CR750 Honda

CR750 Honda

CR750 Honda

CR750 Honda – 1970 Daytona Winner

Replica built and owned in Southland

In 1969 Honda introduced the CB750 and sold over 400,000 in the following decade. It was a landmark motorcycle which had a huge influence on the bulk of the machines that came after it. Acclaimed as The Bike That Changed Everything, it leads many polls for the Motorcycle of the Century. While the CB750 was eventually eclipsed by offerings from other manufacturers, notably the 900cc Kawasaki Z1, it was, and will always be, the original Superbike. In 1970 the Honda factory produced four works-racer CR750s, a racing version of the production CB750, to compete in the March Daytona 200 which was won by Dick Mann on one of these four bikes.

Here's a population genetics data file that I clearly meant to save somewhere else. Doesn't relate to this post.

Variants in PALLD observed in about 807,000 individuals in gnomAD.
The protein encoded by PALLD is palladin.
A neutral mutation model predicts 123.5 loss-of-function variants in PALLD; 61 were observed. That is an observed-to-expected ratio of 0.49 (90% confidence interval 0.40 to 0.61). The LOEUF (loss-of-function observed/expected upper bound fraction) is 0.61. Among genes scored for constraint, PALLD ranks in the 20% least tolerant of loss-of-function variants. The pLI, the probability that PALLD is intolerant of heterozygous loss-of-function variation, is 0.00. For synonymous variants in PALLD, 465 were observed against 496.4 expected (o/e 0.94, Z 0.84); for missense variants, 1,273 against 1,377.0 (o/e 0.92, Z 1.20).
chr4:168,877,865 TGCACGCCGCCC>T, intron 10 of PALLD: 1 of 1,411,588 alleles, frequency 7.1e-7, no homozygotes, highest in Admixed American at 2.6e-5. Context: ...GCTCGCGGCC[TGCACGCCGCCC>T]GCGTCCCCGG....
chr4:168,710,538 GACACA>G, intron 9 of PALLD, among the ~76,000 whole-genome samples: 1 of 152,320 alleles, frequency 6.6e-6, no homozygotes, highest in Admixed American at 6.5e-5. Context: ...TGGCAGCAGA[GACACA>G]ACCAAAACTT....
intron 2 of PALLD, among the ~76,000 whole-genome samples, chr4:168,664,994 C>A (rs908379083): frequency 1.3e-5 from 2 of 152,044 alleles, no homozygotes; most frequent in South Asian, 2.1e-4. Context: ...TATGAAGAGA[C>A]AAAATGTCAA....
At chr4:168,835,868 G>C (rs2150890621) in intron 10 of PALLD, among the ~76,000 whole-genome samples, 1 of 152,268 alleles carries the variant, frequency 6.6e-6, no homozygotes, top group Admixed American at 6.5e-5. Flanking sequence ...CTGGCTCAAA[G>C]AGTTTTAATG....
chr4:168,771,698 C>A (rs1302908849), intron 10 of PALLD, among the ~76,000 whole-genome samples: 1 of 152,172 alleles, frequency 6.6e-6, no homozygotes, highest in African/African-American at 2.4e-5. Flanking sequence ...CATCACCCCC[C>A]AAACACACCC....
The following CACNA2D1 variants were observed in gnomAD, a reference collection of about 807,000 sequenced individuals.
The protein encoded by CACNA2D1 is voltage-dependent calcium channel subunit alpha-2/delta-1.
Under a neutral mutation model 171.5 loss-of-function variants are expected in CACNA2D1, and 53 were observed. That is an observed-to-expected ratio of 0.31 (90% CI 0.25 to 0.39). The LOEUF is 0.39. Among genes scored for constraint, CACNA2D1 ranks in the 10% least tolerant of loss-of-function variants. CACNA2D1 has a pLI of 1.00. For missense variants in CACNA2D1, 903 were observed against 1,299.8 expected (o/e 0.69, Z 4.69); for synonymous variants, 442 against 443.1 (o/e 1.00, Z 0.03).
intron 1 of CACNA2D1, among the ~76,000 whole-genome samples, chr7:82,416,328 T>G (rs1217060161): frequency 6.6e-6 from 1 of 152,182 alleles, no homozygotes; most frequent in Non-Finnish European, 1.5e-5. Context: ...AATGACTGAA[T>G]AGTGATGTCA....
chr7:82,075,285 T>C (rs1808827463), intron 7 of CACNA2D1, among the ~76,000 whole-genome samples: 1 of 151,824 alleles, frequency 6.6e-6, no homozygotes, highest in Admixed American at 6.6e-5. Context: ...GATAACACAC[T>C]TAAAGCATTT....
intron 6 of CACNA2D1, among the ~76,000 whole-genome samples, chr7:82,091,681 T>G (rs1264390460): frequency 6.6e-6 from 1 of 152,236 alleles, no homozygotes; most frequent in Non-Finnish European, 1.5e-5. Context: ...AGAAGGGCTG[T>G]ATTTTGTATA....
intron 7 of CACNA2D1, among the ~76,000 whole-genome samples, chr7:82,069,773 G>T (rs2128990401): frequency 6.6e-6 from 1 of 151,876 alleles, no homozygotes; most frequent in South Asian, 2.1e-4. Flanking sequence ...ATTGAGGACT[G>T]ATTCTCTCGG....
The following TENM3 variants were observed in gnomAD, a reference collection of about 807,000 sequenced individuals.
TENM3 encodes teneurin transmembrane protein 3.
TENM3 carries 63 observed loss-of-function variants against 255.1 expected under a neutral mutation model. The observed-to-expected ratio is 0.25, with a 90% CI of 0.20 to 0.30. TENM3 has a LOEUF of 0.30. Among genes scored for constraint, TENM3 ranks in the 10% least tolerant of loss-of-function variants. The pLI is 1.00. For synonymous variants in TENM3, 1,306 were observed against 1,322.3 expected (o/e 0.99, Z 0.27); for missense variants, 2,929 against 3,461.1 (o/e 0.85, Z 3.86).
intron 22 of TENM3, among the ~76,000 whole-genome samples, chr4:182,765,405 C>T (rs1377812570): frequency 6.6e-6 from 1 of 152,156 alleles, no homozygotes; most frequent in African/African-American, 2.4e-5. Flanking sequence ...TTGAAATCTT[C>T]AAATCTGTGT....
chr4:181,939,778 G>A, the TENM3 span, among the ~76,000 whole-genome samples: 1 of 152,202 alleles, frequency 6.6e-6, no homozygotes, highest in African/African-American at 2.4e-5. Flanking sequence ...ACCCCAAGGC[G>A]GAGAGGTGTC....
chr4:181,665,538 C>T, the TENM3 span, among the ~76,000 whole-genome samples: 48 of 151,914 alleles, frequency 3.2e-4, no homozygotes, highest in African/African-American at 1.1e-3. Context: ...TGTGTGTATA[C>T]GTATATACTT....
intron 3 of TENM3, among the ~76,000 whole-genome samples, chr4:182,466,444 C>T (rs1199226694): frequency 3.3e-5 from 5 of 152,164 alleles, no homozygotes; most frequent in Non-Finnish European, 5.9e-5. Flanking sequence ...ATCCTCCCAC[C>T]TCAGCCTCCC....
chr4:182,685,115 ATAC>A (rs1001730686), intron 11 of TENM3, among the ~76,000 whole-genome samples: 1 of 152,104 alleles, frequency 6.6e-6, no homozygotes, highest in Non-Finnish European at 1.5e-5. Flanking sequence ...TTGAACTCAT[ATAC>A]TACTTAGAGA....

The “I came, I saw, I conquered” of the Honda CR750 at Daytona was planned late in 1969 to boost the advertising of Honda motorcycles in the United States. The American market is particularly receptive to wins by motorcycles derived from production models, and up to then the larger motorcycle market had been dominated by the American Harley-Davidson and the British Norton, BSA, and Triumph, the same companies that usually won the Daytona 200.

Built with the assistance of:

Parts sourced from:

Jeremy and Robin at Southland Honda

Mead Speed

Noel Atley

Air-Tech Streamlining

Tim Mulligan

Swarbrick Racing

Chris Mulligan

Simon Tappin

Michel La Liberté

Graeme Crosby

Turntru Machining

EconoHonda

MOS Sheetmetal Engineers

roadandrace.com.au

Auto Fab

Slingshot Cycles

Fi Innovations

Bunbury City Motorcycles

Jesco Hydraulics

F1 Engineering

Southern Brakes and Driveline

David Silver Spares

Bay Road Auto Painters

Classic Cycle City

Howard Anderson Upholstery

Andy Cepok Motorradteile

Creation Signs

OEM Cycles

Southern Insulation

Vitalcycleparts

HPC Coatings

Chris Schumann

Winteringhams Electroplaters